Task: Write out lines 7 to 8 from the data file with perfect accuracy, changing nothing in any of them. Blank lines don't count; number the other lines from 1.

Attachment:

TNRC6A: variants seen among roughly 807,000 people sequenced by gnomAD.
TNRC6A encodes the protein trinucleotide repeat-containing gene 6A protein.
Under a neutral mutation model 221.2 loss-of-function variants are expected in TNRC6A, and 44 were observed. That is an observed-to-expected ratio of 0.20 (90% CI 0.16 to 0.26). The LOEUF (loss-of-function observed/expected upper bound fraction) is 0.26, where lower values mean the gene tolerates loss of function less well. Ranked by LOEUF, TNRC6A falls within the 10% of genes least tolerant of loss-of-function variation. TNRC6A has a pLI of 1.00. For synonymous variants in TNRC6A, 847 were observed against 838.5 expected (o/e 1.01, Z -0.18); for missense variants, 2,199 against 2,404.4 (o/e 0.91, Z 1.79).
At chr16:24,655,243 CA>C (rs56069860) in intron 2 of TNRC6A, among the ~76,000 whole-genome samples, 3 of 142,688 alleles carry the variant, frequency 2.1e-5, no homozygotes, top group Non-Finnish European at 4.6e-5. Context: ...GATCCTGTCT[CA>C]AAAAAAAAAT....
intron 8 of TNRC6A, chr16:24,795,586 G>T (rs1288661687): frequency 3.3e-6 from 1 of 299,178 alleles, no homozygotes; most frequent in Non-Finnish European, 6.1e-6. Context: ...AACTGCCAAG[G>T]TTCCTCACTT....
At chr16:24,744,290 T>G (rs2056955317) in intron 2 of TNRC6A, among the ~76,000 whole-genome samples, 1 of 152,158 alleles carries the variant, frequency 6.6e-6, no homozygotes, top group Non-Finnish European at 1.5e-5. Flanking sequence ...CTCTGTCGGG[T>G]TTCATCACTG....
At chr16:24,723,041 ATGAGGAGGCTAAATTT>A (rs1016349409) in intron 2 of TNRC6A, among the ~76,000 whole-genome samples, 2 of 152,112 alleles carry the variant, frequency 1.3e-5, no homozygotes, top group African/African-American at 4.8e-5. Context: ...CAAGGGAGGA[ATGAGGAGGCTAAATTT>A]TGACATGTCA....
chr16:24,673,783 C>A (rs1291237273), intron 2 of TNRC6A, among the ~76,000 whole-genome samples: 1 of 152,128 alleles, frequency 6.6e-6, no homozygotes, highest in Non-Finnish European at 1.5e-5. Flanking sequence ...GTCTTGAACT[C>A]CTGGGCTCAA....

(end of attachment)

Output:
At chr16:24,723,041 ATGAGGAGGCTAAATTT>A (rs1016349409) in intron 2 of TNRC6A, among the ~76,000 whole-genome samples, 2 of 152,112 alleles carry the variant, frequency 1.3e-5, no homozygotes, top group African/African-American at 4.8e-5. Context: ...CAAGGGAGGA[ATGAGGAGGCTAAATTT>A]TGACATGTCA....
chr16:24,673,783 C>A (rs1291237273), intron 2 of TNRC6A, among the ~76,000 whole-genome samples: 1 of 152,128 alleles, frequency 6.6e-6, no homozygotes, highest in Non-Finnish European at 1.5e-5. Flanking sequence ...GTCTTGAACT[C>A]CTGGGCTCAA....